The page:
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Response to Forest & Bird on tenure review

Hon David Parker
Minister for Land Information

21 September 2006

Response to Forest & Bird on tenure review

Land Information minister David Parker rejects Forest & Bird's claim that tenure review originally promised a 50-50 split between conservation and freehold land.

"The previous government predicted that 40 percent of tenure review land would go to conservation and 60 percent would be freeholded. In fact, the actual figure to date is 42 percent to conservation, and 58 freeholded."

The Minister noted that tenure review has achieved positive results for the New Zealand public, notably towards the establishment of high country parks.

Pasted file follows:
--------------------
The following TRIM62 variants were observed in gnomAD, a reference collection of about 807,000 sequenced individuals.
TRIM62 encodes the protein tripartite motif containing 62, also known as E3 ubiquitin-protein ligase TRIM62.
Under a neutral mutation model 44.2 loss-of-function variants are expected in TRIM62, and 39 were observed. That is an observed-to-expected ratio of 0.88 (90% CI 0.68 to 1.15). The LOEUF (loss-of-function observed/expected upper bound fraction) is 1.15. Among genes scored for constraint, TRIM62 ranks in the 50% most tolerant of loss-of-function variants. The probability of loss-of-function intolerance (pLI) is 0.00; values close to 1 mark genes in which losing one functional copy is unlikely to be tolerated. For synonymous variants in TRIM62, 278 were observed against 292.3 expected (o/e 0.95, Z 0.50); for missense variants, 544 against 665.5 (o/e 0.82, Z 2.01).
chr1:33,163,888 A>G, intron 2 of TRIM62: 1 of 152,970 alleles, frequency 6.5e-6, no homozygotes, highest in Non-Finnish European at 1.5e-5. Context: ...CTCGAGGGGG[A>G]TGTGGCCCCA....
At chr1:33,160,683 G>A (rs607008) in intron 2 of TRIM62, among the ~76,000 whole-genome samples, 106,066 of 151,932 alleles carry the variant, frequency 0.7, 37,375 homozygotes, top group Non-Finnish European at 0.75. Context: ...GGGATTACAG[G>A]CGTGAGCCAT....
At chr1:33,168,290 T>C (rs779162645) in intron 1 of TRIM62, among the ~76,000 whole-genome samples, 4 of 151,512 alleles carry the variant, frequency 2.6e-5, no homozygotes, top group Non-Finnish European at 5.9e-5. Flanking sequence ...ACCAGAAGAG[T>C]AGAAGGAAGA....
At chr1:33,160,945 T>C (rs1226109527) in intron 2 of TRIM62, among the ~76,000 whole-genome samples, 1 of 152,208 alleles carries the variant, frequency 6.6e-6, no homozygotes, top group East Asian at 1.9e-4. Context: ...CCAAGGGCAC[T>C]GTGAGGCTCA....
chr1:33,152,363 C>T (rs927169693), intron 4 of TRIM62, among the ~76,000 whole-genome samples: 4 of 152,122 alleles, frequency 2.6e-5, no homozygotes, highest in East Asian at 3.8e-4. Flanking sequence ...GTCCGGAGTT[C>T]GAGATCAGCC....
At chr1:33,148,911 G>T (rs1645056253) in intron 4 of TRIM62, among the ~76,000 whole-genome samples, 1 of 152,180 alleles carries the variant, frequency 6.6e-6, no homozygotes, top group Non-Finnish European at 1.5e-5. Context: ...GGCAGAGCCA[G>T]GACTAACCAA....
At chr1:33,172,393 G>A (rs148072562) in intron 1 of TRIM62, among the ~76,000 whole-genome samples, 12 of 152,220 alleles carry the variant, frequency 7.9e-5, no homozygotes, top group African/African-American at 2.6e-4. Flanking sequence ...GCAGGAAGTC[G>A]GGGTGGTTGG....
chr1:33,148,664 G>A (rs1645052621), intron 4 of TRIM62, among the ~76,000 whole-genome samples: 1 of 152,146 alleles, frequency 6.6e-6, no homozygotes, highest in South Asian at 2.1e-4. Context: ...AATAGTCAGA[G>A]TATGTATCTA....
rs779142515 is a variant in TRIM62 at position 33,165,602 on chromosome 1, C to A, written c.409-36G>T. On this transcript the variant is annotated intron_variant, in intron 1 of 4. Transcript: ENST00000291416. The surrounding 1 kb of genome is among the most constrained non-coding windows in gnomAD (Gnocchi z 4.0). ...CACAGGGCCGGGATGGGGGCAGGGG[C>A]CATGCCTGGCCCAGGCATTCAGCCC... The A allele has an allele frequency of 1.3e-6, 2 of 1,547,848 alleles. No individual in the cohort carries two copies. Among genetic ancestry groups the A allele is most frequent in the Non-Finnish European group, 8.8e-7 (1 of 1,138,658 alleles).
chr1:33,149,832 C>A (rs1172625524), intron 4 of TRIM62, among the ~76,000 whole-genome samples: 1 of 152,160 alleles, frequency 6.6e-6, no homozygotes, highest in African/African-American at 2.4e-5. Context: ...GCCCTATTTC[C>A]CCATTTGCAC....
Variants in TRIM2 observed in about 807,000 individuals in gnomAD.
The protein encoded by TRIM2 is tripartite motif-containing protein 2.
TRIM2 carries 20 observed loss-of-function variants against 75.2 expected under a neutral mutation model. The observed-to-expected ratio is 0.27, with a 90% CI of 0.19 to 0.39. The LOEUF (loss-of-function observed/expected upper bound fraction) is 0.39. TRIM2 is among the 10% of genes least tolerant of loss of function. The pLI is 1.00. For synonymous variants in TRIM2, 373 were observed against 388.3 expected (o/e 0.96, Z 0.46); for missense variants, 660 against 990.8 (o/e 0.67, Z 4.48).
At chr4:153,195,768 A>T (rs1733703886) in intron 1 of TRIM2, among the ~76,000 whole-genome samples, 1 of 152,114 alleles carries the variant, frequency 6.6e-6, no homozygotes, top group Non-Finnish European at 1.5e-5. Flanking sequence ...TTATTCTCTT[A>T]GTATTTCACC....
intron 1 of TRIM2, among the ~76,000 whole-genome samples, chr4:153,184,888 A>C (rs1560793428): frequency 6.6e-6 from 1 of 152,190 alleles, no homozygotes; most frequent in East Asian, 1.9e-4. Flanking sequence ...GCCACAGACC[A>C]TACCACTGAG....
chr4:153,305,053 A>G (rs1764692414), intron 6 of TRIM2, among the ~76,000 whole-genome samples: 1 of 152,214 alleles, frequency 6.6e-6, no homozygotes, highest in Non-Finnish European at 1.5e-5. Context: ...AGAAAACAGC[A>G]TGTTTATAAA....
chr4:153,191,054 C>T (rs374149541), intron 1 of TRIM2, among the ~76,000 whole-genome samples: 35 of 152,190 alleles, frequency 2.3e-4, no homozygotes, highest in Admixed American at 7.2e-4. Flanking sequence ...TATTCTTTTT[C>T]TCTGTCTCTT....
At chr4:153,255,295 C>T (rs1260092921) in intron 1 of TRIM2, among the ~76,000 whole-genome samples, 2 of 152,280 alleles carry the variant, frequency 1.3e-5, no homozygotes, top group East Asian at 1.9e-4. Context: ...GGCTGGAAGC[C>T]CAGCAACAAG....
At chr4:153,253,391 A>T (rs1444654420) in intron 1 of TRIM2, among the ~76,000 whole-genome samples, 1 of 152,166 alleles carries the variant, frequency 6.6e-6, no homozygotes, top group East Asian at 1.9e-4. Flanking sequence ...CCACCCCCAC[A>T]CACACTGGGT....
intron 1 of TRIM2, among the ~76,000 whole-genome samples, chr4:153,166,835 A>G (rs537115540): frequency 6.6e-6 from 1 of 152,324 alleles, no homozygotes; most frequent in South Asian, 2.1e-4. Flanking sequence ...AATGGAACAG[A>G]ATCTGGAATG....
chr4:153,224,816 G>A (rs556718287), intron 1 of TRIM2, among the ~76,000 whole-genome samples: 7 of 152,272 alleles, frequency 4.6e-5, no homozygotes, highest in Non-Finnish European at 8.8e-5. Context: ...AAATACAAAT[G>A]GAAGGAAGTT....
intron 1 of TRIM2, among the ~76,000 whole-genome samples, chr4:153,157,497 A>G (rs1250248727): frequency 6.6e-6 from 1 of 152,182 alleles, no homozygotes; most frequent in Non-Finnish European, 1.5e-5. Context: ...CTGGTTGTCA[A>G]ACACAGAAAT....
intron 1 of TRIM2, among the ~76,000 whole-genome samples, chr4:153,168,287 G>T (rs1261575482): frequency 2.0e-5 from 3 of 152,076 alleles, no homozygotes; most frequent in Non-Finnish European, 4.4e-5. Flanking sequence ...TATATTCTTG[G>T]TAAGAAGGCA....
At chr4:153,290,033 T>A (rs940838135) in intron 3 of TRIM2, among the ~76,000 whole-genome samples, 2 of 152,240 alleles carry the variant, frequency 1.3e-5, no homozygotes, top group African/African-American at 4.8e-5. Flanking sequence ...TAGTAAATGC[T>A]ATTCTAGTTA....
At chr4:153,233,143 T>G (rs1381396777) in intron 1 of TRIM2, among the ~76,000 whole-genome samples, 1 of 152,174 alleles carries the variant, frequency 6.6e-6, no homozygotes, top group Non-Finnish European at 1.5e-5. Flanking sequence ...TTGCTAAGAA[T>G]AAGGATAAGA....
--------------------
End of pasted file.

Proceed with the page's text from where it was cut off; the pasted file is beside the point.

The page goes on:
"So far the Labour-led government has created five high country parks by linking existing conservation land with land coming into protection from tenure review, and from the purchase of Birchwood Station."

“Tenure review also protects biodiversity, mountain landscapes, tussocklands, and freshwater catchments, and gives the public much better access to these areas than they had before,” David Parker said.

However, as he has indicated previously, the Minister is looking at the process.

"For example, I acknowledge there are concerns around landscape values, especially around lakesides, and I have directed officials to take a fresh look at those issues."

"I also now see all tenure review proposals before they become final, to give me an opportunity to comment."

Forest & Bird is also critical of the financial settlements reached in tenure review.

"The government is reviewing whether rent-setting methodology is being conducted in accordance with the law, which has implications for tenure review. Results from this review should be released shortly," Mr Parker said.


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